Frank Borzage Edit Profile
As a teenager he went on the stage and he began his movie career as an actor. Thomas Ince gave him his chance as a director and, by the mid- 1920s, Borzage was one of the most successful Hollywood directors.
War, and the consequent taste lor realism, destroyed the world he had created and after The Mortal Storm, only one other film—Moon rise— properly revealed his talent. The loss of romance during the war is all the more ironic in that Borzages most poignant films of the 1930s involve lovers under the shadow of Hitler, fascism, or the slump. There is a dreamy preoccupation in those films, based on what Andrew Sarris called “a genuine concern with the wondrous inner life of lovers in the midst of adversity.’ Above all, this faith in the enchanted complicity of sentiment is borne out in three films starring Margaret Sullavan—Little Man, What Now?, Three Comrades, and The Mortal Storm, (ust as Borzage ended the decade with Sullavan, so he had begun with Janet Gaynor—in Seventh Heaven. Street Angel, and Lnckij Star.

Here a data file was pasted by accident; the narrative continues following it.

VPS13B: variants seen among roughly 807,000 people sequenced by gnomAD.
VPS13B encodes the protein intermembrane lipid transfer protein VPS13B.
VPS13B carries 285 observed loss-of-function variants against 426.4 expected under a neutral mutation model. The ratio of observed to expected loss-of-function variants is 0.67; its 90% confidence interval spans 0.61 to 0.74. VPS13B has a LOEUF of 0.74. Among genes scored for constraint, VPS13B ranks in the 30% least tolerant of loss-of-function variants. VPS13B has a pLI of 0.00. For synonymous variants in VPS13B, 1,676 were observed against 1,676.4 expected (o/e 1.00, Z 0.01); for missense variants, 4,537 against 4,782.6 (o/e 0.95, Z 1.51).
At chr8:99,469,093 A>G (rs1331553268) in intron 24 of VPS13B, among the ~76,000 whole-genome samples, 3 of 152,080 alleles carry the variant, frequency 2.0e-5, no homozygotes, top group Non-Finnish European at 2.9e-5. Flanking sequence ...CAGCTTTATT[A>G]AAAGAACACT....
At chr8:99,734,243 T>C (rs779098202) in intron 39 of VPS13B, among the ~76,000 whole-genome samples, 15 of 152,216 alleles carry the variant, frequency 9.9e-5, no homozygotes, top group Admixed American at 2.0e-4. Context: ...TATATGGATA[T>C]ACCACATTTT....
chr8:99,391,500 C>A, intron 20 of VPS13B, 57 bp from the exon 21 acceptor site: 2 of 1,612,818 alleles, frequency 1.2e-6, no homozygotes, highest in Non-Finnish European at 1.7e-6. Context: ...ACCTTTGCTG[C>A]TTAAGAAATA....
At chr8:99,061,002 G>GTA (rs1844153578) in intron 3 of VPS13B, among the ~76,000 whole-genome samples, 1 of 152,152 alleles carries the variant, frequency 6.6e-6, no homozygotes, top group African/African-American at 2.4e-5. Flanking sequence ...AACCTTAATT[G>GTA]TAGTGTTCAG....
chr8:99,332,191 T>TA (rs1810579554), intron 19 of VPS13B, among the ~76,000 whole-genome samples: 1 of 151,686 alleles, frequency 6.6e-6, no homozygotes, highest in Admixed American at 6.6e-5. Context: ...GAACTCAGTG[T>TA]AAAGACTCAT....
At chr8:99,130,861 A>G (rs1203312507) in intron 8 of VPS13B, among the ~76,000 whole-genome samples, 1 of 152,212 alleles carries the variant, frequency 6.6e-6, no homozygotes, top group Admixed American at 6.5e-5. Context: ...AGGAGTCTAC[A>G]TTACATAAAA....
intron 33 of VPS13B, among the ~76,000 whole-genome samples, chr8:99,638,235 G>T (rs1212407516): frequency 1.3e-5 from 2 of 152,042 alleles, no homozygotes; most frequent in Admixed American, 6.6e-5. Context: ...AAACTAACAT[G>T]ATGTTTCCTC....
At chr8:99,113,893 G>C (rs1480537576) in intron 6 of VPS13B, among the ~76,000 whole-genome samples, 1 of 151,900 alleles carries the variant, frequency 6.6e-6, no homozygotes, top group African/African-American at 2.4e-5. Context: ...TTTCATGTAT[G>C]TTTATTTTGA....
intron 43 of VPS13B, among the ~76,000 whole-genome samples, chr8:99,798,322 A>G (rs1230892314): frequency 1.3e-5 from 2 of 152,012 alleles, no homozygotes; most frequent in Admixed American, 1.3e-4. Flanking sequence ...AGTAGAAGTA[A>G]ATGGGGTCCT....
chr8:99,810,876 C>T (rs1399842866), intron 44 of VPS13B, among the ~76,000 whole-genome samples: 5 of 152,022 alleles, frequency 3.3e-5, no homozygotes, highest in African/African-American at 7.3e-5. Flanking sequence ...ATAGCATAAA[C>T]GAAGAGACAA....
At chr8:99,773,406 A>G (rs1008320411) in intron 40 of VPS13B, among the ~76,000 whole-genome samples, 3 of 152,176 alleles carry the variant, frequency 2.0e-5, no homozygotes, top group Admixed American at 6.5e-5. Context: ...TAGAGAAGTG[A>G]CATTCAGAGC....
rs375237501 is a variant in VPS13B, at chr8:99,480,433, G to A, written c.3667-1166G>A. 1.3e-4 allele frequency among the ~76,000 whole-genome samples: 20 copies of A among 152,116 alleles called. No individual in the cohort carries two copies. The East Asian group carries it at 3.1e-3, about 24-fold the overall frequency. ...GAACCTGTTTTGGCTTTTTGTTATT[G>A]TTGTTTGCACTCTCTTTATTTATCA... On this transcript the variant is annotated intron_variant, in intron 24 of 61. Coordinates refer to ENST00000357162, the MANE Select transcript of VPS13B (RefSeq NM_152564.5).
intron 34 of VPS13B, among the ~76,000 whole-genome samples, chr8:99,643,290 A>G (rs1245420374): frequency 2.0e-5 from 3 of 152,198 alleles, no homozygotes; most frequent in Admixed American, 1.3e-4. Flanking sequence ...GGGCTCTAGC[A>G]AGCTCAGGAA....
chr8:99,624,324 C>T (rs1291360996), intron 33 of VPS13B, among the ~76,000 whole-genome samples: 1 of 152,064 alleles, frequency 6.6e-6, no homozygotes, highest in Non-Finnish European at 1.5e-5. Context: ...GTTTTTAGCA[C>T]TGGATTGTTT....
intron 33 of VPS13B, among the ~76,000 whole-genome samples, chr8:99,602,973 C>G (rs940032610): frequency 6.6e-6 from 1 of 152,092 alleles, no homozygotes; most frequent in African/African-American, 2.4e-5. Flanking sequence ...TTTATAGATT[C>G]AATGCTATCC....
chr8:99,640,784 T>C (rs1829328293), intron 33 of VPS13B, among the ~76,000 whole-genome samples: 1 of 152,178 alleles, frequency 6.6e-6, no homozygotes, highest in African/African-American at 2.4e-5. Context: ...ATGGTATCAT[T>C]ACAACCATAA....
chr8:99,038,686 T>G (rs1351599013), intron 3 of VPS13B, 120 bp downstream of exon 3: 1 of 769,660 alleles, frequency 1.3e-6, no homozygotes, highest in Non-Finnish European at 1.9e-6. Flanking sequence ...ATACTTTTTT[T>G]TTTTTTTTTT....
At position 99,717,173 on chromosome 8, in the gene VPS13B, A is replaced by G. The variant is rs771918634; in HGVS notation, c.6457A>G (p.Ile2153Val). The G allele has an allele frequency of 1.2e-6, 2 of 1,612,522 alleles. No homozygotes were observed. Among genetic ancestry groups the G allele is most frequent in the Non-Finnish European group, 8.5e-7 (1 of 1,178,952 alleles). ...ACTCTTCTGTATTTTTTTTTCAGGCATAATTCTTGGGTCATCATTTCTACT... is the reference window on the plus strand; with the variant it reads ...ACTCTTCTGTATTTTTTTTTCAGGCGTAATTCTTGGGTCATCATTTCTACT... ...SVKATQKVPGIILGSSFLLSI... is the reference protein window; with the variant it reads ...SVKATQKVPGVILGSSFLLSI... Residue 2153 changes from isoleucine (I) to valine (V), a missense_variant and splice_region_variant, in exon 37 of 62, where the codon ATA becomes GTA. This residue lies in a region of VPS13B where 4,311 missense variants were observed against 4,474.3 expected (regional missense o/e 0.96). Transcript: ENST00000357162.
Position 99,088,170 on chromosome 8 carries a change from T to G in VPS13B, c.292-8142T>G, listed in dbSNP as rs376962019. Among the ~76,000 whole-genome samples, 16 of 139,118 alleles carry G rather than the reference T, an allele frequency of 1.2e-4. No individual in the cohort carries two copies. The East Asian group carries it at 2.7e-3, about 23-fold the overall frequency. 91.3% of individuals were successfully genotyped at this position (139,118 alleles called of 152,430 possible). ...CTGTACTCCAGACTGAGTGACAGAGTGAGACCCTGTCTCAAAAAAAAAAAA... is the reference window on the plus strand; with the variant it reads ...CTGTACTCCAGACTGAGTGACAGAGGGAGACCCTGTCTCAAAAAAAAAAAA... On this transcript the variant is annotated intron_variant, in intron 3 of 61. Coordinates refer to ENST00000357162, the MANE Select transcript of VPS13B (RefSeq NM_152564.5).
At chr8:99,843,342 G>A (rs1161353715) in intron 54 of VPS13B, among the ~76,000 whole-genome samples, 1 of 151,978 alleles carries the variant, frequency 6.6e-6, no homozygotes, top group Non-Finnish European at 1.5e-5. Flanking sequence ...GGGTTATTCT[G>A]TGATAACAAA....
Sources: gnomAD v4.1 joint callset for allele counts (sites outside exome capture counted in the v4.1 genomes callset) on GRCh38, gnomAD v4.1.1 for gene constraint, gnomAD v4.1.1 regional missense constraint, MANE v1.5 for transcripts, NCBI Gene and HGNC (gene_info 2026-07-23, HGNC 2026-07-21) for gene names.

Among the rest, he emphasized the romantic undertones of Hemingway’s A Farewell to Arms (with Gaiy Cooper and Helen Hayes); directed Mary Bickford's last movie, Secrets; made Man's Castle as true a picture of hope amid the Depression as You Only Live Once (37, Fritz Lang) is of fatalism; directed Dietrich in her best non-Sternberg film. Desire; and teamed Jean Arthur and Charles Boyer in the uncanny History Is Made at Night. That film, beginning as a romantic comedy but turning to tragedy once love has been proved, is typical of Borzage s serene confidence in the imagination when faced by material destruction.
The delicate pathos of Three Comrades should not conceal the chance that it might have been better still. Its central scenarist was Scott Fitzgerald. harrowed by the way MCM and his producer, Joseph Mankiewicz, handled the script: “Oh, Joe, can’t producers ever be wrong? I'm a good writer—honest. I thought you were going to play fair. Fitzgerald’s letters show some of the things lost between script and film, and certainly Three Comrades is the bones of a marvelous, Nicholas Ray—like movie.
Borzages political intuition is reliable, even if he treats it in conventional romantic terms. The Mortal Storm is a more perceptive and frightening study of fascism than, say. The Great Dictator (40, Charles Chaplin) or the Capra films. The shot of James Stewart and Margaret Sullavan, emotionally and philosophically hemmed in by a forest of saluting arms, is typical of Borzage's faith that love is a manifestation of political nature.
He was recognized as a master.